Animal Magic Tricks

Animal Magic Tricks

We enter around fish & chip time on Friday evening to experience ex-Bournemouth, now-Brighton’s Animal Magic Tricks. A beautifully controlled, poised set over thirty minutes see Frances move between vocal-only songs to electronically-assisted and cello-accompanied joyful tracks bound together by her elegantly fragile and beguiling voice. This set was a real treat, stood in what is a stone community hall with many like-minded, respectful and enthusiastic people. It almost felt like we’d been invited to a secret party, the capacity for the weekend is somewhere around 600, and the atmosphere certainly felt like we were all privileged to be here. Bristol’s Rozi Plain followed, a personal favourite of mine due to the song ‘Stolen Shark’ played at Club Anenome at the Bournemouth Railway Club last September, another beautifully understated performer which Fence seem to specialise in.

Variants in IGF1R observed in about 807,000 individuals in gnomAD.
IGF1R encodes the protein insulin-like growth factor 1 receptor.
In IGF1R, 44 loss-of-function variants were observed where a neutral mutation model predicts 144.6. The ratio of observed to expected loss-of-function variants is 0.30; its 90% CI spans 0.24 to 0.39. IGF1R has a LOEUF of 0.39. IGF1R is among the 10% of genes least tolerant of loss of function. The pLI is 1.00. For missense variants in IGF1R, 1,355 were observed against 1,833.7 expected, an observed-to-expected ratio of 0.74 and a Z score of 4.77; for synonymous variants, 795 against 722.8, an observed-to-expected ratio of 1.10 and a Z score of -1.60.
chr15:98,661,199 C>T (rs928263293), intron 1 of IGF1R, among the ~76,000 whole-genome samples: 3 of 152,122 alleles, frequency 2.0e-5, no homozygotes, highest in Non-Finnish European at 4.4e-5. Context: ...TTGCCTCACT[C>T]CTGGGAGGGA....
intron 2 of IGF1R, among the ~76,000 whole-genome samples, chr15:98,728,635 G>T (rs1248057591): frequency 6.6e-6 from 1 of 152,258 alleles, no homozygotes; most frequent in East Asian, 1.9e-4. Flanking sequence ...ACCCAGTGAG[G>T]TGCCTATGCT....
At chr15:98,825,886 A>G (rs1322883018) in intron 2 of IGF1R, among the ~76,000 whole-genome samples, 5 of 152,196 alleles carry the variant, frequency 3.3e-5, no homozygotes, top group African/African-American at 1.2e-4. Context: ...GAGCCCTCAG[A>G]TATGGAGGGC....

Unfortunately, my arrival in Scotland coincided with the onset of what came to be chicken pox and so my Friday night was cut short, however I was regaled with tales of David Thomas Broughton and The Pictish Trail performing, Gummi Bako dj-ing and Hardsparrow break-dancing – just warming up for the weekend, eh?

Fourteen hours of delirious sleep later…Hardsparrow has been in Finland for three months. Now back in Bournemouth and the UK in general, he looked a little worse for wear on Saturday morning but his set – more electronic than not these days – captivated a roomful in the Hew Scott. Joined variously by others on keyboards, ukulele, guitar and “large microphone”, Hardsparrow never fails to entertain with endearing randomness and genuine humour throughout his set. ‘He Is Mushroom Head’ is an undiscovered classic…for now.

David Thomas Broughton

David Thomas Broughton